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Trump says he may try to move his Georgia criminal case to federal court

Former President Donald Trump on Thursday told the state judge presiding over his criminal racketeering case in Georgia that he could try to move the prosecution to federal court.

“President Trump hereby informs the Court that he may request that his prosecution be removed from federal court,” Trump attorney Steven Sadow wrote in a court filing. Sadow noted that such a filing must be made “within 30 days” of Trump’s arraignment.

Trump pleaded not guilty to the 13 charges alleging he attempted to overturn Georgia’s election results and waive arraignment in an Aug. 31 trial. That gives Trump — who has said he believes all criminal cases should be postponed until after the 2024 presidential election — until the end of September to make a decision on how to proceed.

Others in the 19-defendant case have already sought to have the case moved to federal court, where they could claim federal defenses against the charges and appeal to a larger group of jurors.

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The case brought by Fulton County District Attorney Fani Willis will be heard in Fulton County Superior Court, and the jury will be drawn from the heavily Democratic county.

Willis’ office declined to comment on the filing.

Among those who have asked for the case to be moved are former White House Chief of Staff Mark Meadows and Jeffrey Clark, a former Justice Department official. They claim they acted in their capacity as federal officials at the time of the alleged conspiracy to keep Trump in office and that they have the right to have their proceedings heard in federal court.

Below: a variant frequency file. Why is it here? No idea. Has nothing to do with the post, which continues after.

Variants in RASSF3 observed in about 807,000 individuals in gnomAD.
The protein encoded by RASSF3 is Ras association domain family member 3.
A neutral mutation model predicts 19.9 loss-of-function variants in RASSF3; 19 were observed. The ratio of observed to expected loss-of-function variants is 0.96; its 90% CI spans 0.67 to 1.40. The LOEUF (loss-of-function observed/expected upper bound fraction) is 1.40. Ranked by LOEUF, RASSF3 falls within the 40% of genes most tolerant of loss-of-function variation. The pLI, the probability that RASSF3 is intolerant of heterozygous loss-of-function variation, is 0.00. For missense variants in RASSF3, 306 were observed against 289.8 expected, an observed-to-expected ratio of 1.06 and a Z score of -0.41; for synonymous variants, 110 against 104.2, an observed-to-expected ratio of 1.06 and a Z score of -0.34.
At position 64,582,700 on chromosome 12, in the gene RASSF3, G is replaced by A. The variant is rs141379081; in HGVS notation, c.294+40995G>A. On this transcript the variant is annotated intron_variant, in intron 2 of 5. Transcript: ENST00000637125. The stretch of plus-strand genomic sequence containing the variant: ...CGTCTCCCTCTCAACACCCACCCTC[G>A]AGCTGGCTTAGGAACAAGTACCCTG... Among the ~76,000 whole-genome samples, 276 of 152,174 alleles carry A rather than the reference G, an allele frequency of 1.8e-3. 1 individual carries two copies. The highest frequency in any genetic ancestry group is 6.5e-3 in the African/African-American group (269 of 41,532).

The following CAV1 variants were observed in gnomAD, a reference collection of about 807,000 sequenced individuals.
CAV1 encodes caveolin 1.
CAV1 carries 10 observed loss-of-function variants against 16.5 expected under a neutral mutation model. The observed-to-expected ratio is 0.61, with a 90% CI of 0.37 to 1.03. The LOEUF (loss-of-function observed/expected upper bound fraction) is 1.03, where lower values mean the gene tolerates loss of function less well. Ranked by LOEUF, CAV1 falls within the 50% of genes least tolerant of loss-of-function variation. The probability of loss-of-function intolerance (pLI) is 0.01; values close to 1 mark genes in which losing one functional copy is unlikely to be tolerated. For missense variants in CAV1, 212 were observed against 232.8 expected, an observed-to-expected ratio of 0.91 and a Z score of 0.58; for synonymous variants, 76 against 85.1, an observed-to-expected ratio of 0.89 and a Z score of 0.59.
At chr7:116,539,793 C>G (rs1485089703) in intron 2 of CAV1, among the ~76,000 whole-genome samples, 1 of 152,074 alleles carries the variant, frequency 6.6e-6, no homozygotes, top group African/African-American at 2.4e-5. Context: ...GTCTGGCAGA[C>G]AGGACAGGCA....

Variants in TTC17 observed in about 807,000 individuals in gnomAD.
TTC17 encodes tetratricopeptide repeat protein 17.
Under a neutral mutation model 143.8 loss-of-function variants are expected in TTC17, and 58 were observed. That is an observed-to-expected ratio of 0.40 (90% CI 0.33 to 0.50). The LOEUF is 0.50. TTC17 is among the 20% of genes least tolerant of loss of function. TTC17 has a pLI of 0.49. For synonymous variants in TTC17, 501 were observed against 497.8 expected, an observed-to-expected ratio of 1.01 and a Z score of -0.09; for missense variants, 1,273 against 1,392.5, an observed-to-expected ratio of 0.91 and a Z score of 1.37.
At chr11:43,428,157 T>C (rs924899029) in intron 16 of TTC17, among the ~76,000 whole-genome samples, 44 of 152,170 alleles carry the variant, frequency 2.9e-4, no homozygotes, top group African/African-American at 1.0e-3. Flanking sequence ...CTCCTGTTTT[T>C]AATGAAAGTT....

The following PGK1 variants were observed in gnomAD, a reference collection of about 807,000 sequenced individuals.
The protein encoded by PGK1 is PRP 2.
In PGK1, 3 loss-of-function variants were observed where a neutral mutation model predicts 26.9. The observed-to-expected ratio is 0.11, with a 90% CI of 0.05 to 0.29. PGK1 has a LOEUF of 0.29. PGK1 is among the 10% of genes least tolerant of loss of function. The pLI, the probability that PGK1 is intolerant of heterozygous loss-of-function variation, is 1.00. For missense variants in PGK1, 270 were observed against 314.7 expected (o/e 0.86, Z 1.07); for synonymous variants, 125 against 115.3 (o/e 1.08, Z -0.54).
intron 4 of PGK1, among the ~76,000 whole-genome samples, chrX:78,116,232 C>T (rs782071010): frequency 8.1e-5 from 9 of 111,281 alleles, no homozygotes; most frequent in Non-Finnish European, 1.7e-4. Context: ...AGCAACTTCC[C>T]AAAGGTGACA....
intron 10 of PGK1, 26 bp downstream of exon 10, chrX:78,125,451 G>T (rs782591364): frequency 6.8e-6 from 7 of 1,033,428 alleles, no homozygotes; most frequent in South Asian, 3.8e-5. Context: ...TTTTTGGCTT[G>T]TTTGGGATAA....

If the case goes to federal court, Trump would also have an opportunity to argue that the charges should be dismissed because his actions, as outlined in the indictment, fell within his duties as president.

Willis’ office countered in a file in Meadows’ case that pressuring state employees to overturn election results is not an official act. “Federal law prohibits executive branch employees from engaging in political activity on the job,” they noted.

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Willis’ office also referenced Trump in the filing, noting that a federal court judge in another jurisdiction had already determined that his attempts to stay in power were purely political and not part of his duties as commander in chief.

“All of the defendant’s actions here, as Mr. Trump’s actions discussed” in the federal case, “are not related to [the president’s] duties of faithfully executing the laws, conducting foreign affairs, commanding the armed forces, or directing the executive branch. They relate entirely to his attempts to remain in office for a second term,” the prosecutor said.

At a hearing on his request last week, Meadows testified that almost everything a president does has political ramifications.

U.S. District Judge Steve C. Jones is expected to rule on Meadows’ request in the near future.

This article was originally published on NBCNews.com

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